Rosemary & Thyme Infused Fairy Cakes

Rosemary and Thyme Infused Fairy Cakes. These sweet, herbal cakes are the perfect size for your next garden tea party and will delight palates of all ages.

Rosemary and Thyme Infused Fairy Cakes

I know what you’re thinking – rosemary and thyme cake? But trust me on this one, it’s awesome.

Herbs make everything better ; if we added parsley and sage this cake would be the perfect ode to Simon and Garfunkel, but that combo might be a bit too weird, even for me. So, we’ll stick with the latter and bring a bit of savory deliciousness to this sweet bite.

Last week, I made a four layer white cake, filled with blackberry and lavender jam via a recipe from Half-Baked Harvest. It was delicious and perfect for the solstice party I was attending. Vashon has loads of blackberries and lavender, so it couldn’t get much more down-home than that.

But I wanted to make something more bite-size, something my boyfriend and I could enjoy without making an entire cake. I had been toying around with recipe ideas and random ingredients to throw into a batter, and rosemary and thyme intrigued me.

Herbs in general taste very earthy to me, but rosemary and thyme especially so. Their scent makes me let out a big sigh and beg anyone willing to “SMELL THIS!” But I wasn’t entirely sure how to best inject the flavor and not make it too overpowering. With the help of some blackberry jam and easy-to-make simple syrup, the flavor is spot on – a earthy and sweet, delicious bite, filled with vanilla buttercream goodness that I can imagine fairies would readily enjoy at a forest tea party.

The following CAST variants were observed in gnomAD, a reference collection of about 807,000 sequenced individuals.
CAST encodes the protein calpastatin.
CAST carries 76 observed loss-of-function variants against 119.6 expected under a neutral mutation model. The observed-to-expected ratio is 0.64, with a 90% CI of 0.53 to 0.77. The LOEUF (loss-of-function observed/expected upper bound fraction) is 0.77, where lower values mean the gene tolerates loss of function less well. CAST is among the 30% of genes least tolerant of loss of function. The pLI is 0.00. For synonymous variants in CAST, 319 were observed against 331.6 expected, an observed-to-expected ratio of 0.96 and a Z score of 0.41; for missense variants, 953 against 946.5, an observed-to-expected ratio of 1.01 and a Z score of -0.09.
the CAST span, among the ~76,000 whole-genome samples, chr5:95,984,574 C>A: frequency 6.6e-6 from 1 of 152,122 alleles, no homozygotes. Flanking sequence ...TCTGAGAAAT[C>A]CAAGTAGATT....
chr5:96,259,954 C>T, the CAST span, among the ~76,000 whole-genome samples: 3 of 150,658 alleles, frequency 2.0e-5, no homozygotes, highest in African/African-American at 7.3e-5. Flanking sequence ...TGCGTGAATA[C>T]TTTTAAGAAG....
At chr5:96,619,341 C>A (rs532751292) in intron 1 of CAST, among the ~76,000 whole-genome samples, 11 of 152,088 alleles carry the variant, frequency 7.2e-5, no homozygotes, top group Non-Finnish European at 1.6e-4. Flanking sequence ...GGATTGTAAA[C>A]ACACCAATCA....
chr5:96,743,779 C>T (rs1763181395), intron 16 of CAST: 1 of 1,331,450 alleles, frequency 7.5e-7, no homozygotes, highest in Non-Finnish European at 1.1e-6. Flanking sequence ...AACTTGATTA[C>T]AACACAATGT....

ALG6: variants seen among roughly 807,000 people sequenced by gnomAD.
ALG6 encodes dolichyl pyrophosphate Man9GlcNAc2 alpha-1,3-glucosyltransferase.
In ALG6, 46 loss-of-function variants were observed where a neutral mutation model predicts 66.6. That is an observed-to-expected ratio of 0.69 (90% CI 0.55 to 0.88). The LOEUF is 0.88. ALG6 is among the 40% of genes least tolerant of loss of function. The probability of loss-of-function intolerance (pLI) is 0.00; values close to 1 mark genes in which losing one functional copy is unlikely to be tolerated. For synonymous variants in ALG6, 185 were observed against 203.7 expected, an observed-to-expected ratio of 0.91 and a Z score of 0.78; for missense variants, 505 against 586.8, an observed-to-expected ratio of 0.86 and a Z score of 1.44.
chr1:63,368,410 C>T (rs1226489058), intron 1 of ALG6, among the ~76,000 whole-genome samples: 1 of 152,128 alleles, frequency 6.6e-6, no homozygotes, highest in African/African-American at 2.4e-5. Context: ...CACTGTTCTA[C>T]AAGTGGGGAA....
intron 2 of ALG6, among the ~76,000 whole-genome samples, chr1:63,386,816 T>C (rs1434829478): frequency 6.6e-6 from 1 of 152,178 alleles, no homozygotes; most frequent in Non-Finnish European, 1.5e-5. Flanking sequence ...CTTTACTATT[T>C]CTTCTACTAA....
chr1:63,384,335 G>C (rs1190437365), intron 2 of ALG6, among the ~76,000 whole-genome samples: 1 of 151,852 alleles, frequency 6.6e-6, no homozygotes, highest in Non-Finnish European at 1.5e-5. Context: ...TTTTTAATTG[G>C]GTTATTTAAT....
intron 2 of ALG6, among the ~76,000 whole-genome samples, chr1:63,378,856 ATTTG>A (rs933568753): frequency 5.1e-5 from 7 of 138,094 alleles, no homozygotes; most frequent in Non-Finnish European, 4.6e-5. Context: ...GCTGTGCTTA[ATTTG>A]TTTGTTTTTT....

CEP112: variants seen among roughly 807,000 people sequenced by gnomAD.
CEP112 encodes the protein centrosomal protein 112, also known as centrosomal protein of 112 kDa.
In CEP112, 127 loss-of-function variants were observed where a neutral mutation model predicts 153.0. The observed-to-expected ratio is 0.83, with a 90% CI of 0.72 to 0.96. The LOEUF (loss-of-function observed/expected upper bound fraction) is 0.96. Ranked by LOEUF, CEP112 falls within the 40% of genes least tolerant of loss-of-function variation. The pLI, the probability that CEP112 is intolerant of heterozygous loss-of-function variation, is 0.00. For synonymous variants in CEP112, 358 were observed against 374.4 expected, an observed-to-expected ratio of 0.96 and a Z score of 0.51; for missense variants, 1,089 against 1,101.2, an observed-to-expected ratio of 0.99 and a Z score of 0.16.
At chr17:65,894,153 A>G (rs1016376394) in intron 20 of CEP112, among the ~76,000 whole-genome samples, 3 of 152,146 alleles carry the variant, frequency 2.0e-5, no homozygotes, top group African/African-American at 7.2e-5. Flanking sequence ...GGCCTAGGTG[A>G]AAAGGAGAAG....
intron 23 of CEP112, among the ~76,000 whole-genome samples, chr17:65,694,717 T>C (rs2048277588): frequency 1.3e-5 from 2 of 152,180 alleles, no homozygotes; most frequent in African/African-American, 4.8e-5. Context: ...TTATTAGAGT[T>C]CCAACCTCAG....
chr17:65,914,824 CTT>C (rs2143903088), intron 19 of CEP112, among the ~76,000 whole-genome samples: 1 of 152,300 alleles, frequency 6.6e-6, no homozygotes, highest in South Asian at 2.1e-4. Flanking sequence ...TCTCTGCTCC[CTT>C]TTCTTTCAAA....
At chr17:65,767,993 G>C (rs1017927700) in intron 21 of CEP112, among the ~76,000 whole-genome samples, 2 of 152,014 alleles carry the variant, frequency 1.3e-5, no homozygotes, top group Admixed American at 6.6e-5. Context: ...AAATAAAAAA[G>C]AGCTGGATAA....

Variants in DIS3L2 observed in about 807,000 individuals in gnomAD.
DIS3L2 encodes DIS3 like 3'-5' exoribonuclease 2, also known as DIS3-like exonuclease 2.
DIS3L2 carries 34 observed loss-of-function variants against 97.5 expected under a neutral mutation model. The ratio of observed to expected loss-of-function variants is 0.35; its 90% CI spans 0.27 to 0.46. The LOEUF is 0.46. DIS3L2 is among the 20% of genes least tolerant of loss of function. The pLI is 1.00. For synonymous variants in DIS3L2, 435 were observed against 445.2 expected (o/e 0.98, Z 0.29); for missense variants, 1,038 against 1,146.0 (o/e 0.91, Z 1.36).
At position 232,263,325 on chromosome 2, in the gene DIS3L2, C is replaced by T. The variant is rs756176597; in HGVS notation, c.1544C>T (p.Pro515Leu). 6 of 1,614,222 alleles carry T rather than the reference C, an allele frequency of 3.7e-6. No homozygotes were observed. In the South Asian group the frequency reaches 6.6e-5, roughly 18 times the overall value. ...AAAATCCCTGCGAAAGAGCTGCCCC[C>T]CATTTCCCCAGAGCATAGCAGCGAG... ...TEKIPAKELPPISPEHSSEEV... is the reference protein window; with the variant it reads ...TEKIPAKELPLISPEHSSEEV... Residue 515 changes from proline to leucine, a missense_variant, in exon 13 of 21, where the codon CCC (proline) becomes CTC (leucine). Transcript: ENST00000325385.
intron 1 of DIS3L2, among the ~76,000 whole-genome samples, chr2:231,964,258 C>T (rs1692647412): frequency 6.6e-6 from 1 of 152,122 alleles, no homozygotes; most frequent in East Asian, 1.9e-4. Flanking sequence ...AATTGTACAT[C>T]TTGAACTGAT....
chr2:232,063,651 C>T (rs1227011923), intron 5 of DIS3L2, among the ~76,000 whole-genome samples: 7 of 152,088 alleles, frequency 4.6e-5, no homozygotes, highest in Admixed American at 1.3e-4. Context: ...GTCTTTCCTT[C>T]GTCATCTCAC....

Breaking an egg into a mixing bowlMeasuring spoons and lavenderEgg in a mixing bowl and lavender

These little cakes have quite a few steps, but don’t let that intimidate you. It’s actually pretty easy. I would say that you should have a good chunk of time set aside, or maybe throw together some of the ingredients the day before – like the simple syrup and jam.

Because I had made a similar cake a few days earlier, I had a mason jar full of jam and a container of simple syrup ready to go. I just altered the flavors a bit to suit this recipe.

Half-Baked Harvest does an excellent job of laying out the cake and jam instructions, so head on over there if you want the full run-down, but I’ll give a little summary here, too. I’m sure you hate tabs just as much as I do.

Because I didn’t want to make a full cake, I decided to divide the original recipe and make two little mini cakes. But the recipe calls for three eggs, and not wanting to divide yolks and whites and mess all THAT up, I decided to split the recipe in thirds and pray to the cake gods that it would be enough for one cake pan. The cake gods answered my prayers – it was just right.

If you’re like me, math is not your forte. So if figuring out one-third of 1 1/2 c buttermilk and one-third of 1/2 c plain greek yogurt seems somewhat daunting, I’ve made all of your mathless dreams come true! Introducing the recipe divider. Big ol’ thanks to Skillet for making life a little easier for us numerically-challenged folk.

The recipe you’ll find below is one-third of the original and perfect for filling one 8-inch cake pan.

Cakes resting on a cooling rack

While your cake is baking, get to work on your jam and simple syrup, unless you are great at time management and decided to make it the day before!